To make the sequence happen, DreamWorks had to re-think what this effect would look like. “We got these great pieces of concept art and storyboards,” recalls Visual Effects Supervisor Mark Edwards. “And then we went, ‘OK, he’s going to turn this canola field into waves to drive the boat. What does that even mean?’ We could picture it in the concept art, but what would it look like in motion? How is it going to feel interacting with our characters? How do we tie in Everest’s magic? And then you have billions and billions of flowers.”
The studio embarked on a test, with Effects Department Chair Jeff Budsberg taking a standard water simulation and fleshing it out with flowers and foliage. “Jeff, really early on, took a water simulation from another show and said, ‘Well, let me just instance a bunch of flowers on it and see what happens,’” says Edwards.
The test proved that the sequence could be done, but the scenes were also heavily previsualized before shot production occurred. Reference was also found of surfers, large waves and even waterskiers wakeboarding in a cranberry bog. The idea was to come up with an appropriate look for water-soaked flowers and the trail that would be left behind the boat, all with the classic smooth ocean wave feel.
“What we also did really early on,” recounts Edwards, “was partner our FX lead for that sequence, Michael Losure, with our previs artists and say, ‘Hey, how can FX basically help drive things in the right way?’ And so Michael basically started building out these rough sims to block things in. That was what the animation team was using as a guide, and then FX used this as their template once they got involved again.”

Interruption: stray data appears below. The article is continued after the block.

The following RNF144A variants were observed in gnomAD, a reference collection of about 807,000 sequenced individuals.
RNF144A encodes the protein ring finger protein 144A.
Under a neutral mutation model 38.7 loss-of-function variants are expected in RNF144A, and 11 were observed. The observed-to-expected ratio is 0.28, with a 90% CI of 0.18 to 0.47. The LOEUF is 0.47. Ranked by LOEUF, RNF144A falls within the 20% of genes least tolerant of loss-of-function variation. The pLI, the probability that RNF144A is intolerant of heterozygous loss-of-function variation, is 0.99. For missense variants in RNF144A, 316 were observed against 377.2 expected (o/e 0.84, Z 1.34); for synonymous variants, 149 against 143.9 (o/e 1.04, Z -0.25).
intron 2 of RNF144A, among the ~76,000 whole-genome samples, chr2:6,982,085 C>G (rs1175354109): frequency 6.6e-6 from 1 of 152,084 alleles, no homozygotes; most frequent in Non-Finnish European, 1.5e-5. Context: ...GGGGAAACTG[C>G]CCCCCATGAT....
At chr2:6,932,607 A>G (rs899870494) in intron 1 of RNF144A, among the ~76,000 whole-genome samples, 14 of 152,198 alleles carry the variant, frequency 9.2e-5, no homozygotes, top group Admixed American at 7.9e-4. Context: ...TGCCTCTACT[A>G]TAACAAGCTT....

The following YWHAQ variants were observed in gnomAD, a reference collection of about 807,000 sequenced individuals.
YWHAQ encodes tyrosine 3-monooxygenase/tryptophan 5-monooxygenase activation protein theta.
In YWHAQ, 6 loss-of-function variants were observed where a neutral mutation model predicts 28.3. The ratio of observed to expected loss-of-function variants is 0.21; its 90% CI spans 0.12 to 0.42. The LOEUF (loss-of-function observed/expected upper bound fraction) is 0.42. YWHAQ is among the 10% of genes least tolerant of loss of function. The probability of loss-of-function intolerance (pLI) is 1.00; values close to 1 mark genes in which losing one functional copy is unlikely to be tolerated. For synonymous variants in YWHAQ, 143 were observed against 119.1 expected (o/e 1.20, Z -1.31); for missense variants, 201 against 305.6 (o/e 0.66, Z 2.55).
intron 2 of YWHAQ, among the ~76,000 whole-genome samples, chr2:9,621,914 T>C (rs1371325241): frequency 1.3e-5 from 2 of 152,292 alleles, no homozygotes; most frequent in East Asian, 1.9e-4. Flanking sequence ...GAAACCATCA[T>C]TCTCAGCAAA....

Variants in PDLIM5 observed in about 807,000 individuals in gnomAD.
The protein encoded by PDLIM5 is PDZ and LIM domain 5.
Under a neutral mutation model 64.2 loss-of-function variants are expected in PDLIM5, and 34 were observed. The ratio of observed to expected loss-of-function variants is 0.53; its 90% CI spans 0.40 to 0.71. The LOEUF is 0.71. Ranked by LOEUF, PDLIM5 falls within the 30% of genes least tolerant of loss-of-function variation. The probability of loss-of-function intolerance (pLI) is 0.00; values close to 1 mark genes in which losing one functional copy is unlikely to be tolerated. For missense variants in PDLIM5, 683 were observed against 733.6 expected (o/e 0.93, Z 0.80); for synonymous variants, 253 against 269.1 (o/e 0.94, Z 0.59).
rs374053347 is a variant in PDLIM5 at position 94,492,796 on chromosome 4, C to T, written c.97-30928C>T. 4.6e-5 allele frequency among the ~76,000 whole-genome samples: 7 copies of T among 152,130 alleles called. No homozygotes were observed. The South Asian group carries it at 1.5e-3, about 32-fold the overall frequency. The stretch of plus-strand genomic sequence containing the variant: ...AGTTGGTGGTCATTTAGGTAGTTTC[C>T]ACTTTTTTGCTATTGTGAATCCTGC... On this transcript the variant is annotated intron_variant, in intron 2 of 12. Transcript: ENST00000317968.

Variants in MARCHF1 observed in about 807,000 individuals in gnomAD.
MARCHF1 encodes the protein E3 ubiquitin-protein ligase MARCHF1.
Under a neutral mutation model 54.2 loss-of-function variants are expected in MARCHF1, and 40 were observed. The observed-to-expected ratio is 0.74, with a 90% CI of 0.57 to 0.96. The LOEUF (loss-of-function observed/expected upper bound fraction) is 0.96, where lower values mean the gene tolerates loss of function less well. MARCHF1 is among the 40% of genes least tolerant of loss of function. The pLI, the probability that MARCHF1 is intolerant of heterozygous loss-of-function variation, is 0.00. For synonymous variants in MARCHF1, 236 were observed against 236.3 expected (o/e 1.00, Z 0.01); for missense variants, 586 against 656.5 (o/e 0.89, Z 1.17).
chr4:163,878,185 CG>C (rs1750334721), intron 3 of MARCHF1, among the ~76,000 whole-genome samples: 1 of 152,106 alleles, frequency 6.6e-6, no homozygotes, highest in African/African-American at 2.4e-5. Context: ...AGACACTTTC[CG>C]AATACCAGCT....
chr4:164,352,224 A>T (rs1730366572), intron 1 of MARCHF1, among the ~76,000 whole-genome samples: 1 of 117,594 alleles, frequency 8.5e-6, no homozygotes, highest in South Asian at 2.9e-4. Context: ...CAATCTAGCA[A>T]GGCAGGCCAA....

DreamWorks’ proprietary tools and Houdini were used to tackle the simulation, with instancing an important part in managing the complexity. This was aided by the studio’s physically-based ray trace renderer called MoonRay, which has replaced their Moonlight lighting and rendering tool. The final shots feature a large number of elements.
“There’s the main wave,” outlines Edwards, “and then we had spray and flowers and all of the extra bending of the boat going through them. There was also a volumetric pollen cloud that travelled with it.”
Another tool at DreamWorks called Arras also came in handy, particularly for the canola wave sequence. Arras is the studio’s cloud-based framework that has the ability to distribute rendering tasks to clusters of computers.
“All the departments were really closely tied together on this show,” adds Edwards. “We knew going into some of these sets that FX should drive the canola look and scattering. And so they worked closely with surfacing to get the patterns worked out in a way that would filter down towards the FX simulation later. It was a real team effort.”
Watch a clip of the canola wave sequence in Abominable.